Coronavirus causes brain damage, observational study finds

According to Professor Hervé Vespignani, neurologist and medical director of the startup Bioserenity, the new coronavirus would affect the cerebral cortex of infected people.

After the lungs and the heart, there’s the brain. According to the startup Bioserenity, the new coronavirus would not only affect the respiratory tract but may also have consequences on the cerebral cortex of sick people. In an observational study to be published in the Annals of Neurology, the teams of Prof. Hervé Vespignani announce the detection of brain lesions detected in patients with Coronavirus by an electroencephalogram (EEG).

Abnormalities “characteristic of encephalitis, that is to say a direct attack on the cerebral cortex”, explains the medical director of Bioserenity. “Coronavirus shouldn’t be thought of as a respiratory disease, but it is most likely to be responsible for brain damage,” said the neurologist.

In France, the EEG performed on delay in waking up the artificial coma necessary for intubation shows in four patients out of 26 and in another confused patient registered between March 18 and 31 in Île-de-France (AP-HP and clinics private) “aspects related to inflammatory and non-infectious encephalitis”. “As of March 31, the intensive care units and anesthesiologists of Ile-de-France were notified, as well as the entire medical community on April 7. Out of 170 observations that we have, we noted 22 cases of encephalitis”, announces Professor Hervé Vespignani.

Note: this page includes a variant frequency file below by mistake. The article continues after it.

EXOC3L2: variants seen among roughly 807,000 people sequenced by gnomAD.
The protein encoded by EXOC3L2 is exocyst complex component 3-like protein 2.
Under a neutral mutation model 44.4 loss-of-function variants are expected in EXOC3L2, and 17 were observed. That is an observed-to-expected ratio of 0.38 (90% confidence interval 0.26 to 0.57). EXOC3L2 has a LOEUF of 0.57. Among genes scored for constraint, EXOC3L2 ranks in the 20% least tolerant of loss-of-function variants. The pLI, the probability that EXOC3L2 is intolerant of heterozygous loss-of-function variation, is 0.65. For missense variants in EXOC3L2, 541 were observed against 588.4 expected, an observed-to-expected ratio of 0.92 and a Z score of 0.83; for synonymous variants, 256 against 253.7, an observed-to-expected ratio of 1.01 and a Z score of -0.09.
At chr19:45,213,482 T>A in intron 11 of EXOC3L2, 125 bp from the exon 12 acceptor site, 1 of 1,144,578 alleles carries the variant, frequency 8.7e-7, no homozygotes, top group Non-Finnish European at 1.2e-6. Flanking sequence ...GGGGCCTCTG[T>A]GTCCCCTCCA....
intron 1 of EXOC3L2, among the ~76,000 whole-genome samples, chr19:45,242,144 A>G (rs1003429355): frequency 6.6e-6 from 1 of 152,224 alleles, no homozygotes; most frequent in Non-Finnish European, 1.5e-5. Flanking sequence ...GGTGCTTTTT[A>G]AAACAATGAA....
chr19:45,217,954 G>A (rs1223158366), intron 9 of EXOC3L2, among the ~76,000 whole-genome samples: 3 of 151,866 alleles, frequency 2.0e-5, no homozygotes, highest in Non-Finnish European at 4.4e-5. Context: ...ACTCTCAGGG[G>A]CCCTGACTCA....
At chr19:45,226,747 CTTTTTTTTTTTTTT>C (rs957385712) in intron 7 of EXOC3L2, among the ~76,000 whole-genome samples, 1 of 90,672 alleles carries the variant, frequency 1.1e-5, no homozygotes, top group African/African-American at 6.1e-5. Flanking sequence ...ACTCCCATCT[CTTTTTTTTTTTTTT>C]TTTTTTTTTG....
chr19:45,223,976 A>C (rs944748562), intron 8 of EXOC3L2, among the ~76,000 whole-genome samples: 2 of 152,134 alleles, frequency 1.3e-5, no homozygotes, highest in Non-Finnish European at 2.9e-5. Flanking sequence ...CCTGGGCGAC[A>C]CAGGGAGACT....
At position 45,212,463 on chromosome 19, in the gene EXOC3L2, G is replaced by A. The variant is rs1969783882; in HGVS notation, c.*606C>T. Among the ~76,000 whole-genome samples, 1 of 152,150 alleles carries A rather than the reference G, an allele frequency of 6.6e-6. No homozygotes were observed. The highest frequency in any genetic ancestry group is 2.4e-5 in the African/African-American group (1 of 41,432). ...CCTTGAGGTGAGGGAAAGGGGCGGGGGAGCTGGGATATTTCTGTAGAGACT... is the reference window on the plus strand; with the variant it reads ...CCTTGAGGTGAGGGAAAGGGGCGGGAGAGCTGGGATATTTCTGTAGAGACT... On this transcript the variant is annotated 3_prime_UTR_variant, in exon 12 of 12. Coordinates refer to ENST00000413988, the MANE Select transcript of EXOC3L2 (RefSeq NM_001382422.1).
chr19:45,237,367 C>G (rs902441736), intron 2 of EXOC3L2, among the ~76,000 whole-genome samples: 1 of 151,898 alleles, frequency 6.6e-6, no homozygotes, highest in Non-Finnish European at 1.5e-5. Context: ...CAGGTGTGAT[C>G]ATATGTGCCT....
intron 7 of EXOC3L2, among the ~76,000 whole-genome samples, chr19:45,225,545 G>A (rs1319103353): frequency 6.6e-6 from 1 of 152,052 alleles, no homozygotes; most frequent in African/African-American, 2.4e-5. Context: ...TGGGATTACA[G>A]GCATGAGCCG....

“There are patients after the respiratory healing phase who may have cognitive consequences. This may be from resuscitation but it is very likely that there is an indirect attack of the virus on the brain”, explained Friday on neurologist on RMC based on a figure: 20% of comas remain unexplained in China and South Korea.

“This virus has not yet revealed all its negative sides”

“This virus is not only ENT and pulmonary, it also seems to have an action on other organs, be it the heart, the kidney, the faith and now the brain, notes Alain Ducardonnet, health consultant, who adds that this inflammation of the brain “could possibly give respiratory problems in addition to direct breathing. This virus has not yet revealed all its negative sides, “he concludes.

Still, to date, no autopsy has yet found brain damage in people who died from Coronavirus.” We need to understand why some patients with coronavirus have difficulty waking up from their artificial coma “, underlines however Professor Vespignani, who recalls that brain damage can cause numerous consequences: difficulty in attention and concentration, sleep disturbances, memory disturbances immediate, even psychological phenomena.

The neurologist also reviews on the loss of smell and taste, observed in some patients, and which could constitute a clue “to say that the virus can go up by the nervous nets which arrive directly at the base of the brain and from there perhaps invade it. “

Such encephalitis, hitherto not described, could allow m I understand the cause of several unexplained comas and thus account for subsequent neuro-cognitive disorders. “Their management is necessary even if there are still many unknowns about their origin, their development and their treatments,” concludes the neurologist.

David T

David T is a french Medical student, during its free time, he is writing for The Medical Progress and helping us to understand better the Coronavirus.

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